Location: 933 Taraval Street Street at 19th Avenue, San Francisco, CA (in the Parkside District)
Opened: December 28, 1928
First film: "Red Lights," starring Charles (Buddy) Rogers.
Closed: September 21, 1976, July 1988
After first closing in the 1970s, the Parkside Theatre reopened with a children's daycare school on the ground floor with movie screeings in the evening, the audience relegated solely to the balcony. (Children's toys and play equipment could be seen down below.) The theatre portion closed for good in July of 1988 while the preschool remained. Like the Coliseum Theatre in the Richmond District, the upper floors of the Parkside's building has been renovated into condominiums.
Most people alive today wouldn't recognize the façade of the Parkside Theatre in its opening year. To succeed, movie theaters had to always appear "modern" and many were renovated a number of times to conform to popular architectural styles. The Parkside went through at least two make-overs, the last an unsympathetic renovation in the 1960s that emphasized "Fox" over "Parkside."
Information from Jack Tillmany: "For thirty years, from the mid-1930s to the mid-1960s this handsome façade [above] of the Parkside Theatre was the anchor of the Taraval Street shopping district, as this 1959 photo shows. Muni #1003, also seen here, was a fixture on the L-line during most of the same time period, and is preserved today at the California Railway Museum at Rio Vista Junction.
"Sadly, in 1965, Fox West Coast decided to make the Parkside a first-run, reserved seat outlet for the then trendy road show attractions, and the embarrassingly ugly marquee with which it played out it final years replaced this one. 'Those Magnificent Men in Their Flying Machines' and 'The Agony and the Ecstasy' were the first two, and the only important films to be shown under the new policy, but they did succeed in ending the Parkside's days as a second-run 'neighborhood' theatre, thereby doing more long-term harm than good, and no doubt contributing to its eventual demise."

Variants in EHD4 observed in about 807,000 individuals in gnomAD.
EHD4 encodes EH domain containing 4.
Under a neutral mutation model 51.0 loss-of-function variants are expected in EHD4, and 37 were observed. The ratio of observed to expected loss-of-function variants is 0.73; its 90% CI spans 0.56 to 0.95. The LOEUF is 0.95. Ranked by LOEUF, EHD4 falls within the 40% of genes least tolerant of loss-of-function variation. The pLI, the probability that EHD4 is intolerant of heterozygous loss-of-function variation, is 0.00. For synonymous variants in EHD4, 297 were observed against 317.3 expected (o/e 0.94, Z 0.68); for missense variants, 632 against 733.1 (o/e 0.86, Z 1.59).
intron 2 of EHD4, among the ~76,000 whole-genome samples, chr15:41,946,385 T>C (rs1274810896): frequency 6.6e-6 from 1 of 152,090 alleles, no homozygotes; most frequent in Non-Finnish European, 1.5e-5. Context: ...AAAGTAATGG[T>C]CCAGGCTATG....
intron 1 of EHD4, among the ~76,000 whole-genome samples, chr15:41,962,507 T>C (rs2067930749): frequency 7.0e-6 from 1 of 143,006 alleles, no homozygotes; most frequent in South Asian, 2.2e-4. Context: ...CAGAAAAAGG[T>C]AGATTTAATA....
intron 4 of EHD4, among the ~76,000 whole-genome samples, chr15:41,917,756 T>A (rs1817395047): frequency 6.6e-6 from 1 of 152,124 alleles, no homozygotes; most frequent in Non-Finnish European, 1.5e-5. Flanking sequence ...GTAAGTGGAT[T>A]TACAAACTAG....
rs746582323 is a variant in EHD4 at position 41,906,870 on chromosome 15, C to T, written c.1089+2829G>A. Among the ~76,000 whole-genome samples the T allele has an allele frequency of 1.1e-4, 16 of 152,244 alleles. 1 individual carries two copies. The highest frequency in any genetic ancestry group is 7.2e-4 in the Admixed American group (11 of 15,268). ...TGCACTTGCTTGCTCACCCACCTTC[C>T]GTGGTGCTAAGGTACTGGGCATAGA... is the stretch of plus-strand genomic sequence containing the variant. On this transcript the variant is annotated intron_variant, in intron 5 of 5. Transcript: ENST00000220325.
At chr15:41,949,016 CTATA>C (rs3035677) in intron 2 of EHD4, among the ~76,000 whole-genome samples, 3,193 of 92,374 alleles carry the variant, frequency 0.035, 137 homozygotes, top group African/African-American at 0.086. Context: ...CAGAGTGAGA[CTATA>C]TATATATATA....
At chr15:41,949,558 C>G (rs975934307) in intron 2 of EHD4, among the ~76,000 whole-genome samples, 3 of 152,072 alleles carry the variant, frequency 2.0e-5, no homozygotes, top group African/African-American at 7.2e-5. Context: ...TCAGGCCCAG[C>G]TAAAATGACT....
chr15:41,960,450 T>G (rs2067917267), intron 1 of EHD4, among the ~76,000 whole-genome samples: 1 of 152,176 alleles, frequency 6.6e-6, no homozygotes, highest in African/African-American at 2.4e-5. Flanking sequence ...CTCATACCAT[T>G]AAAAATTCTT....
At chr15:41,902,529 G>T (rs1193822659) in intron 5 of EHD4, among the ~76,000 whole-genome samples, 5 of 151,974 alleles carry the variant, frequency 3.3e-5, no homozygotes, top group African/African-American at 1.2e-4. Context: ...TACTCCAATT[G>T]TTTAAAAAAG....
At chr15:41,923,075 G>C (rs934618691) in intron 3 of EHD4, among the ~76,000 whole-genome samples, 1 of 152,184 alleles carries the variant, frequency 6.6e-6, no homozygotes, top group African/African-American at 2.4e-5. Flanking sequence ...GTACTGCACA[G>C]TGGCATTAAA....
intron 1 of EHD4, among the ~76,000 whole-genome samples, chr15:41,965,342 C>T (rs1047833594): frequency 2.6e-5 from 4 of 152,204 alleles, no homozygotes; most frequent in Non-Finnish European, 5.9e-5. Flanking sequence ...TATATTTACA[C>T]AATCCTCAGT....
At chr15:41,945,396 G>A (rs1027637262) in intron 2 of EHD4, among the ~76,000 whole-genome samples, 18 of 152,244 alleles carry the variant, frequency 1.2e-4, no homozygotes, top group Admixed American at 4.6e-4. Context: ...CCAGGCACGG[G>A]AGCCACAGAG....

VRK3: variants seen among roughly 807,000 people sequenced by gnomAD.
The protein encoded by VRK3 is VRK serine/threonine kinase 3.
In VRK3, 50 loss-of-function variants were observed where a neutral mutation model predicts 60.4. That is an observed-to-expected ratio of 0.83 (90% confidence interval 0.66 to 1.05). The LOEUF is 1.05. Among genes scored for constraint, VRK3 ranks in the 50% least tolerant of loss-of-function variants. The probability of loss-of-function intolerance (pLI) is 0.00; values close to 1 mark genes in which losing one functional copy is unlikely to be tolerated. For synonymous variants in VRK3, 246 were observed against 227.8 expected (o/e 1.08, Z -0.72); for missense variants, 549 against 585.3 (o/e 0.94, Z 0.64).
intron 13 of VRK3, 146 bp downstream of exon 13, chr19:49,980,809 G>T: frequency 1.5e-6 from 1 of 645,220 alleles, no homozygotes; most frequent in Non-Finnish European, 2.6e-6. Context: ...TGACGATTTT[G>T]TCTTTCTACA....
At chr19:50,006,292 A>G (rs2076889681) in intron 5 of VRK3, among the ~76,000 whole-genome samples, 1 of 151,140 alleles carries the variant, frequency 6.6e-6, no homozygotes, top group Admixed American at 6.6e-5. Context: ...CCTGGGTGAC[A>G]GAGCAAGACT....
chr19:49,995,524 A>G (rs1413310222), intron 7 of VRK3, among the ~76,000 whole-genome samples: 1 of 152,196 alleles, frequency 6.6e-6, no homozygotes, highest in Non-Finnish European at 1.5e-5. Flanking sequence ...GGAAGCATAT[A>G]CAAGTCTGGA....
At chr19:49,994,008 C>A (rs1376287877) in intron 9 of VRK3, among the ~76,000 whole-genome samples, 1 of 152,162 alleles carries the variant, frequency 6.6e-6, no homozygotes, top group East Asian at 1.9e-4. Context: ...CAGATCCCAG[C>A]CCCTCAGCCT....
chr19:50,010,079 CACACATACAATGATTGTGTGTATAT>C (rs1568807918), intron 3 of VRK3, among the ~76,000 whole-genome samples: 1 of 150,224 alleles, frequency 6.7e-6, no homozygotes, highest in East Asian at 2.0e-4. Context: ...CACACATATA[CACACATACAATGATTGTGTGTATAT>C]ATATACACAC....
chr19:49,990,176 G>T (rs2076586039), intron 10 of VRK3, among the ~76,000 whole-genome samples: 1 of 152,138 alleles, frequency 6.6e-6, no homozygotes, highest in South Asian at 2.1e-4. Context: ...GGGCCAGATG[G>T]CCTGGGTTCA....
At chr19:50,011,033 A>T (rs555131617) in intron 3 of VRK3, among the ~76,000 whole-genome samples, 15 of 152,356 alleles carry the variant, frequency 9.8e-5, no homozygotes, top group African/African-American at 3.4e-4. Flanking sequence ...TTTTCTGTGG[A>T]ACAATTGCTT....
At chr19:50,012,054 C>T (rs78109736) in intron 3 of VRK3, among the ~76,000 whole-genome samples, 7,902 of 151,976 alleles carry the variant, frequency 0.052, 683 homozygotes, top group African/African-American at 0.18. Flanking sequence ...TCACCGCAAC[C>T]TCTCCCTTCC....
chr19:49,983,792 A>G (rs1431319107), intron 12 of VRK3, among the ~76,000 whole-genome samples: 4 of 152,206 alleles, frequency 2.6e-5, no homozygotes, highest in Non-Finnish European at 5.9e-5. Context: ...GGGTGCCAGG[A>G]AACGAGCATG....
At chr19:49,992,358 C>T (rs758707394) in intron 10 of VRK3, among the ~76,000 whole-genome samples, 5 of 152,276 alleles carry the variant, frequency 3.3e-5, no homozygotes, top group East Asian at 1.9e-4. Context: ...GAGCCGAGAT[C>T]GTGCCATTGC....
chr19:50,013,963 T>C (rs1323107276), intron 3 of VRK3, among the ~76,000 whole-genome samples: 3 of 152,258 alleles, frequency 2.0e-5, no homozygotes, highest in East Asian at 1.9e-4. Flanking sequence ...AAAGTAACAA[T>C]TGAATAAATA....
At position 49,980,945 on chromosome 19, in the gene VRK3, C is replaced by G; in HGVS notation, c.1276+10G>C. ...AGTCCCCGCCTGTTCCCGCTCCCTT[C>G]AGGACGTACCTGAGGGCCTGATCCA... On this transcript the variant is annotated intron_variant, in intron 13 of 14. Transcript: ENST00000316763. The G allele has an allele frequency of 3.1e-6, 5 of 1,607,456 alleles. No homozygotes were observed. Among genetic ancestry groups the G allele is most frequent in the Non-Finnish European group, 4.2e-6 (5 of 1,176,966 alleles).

"This is the original 1928 proscenium of the Parkside, flanked by a couple of typical Depression-era murals, added during the mid-1930s modernization. All of this was hidden behind the ubiquitous drapes of the 1965 remodeling."
Memories of the Parkside Theatre
Irene Sullivan Fay: "There were sand dunes on both sides of it (the Parkside Theatre). We had to walk quite a ways to get to the movies. I had these new black patent-leather shoes, and we came back and they were dull: all the shine was gone."
Read memories about the businesses in the Taraval shopping district, including the Parkside District, in Frank Dunnigan's column: Streetwise: The Taraval Trail.
There are not one, but a number of threads on our message board about the Parkside Theatre:
Parkside Theatre, thread one (started on April 10, 2001)
The smells, the sights, and the Song Remains the Same!
Parkside Theatre, thread two (started on June 11, 2003)
Paying for admission with 7-Up bottle caps?
Parkside Theatre, thread three (started on December 20, 2008)
Page launched 14 March 2001; updated 15 April 2014
Contribute your own stories about the Parkside Theatre!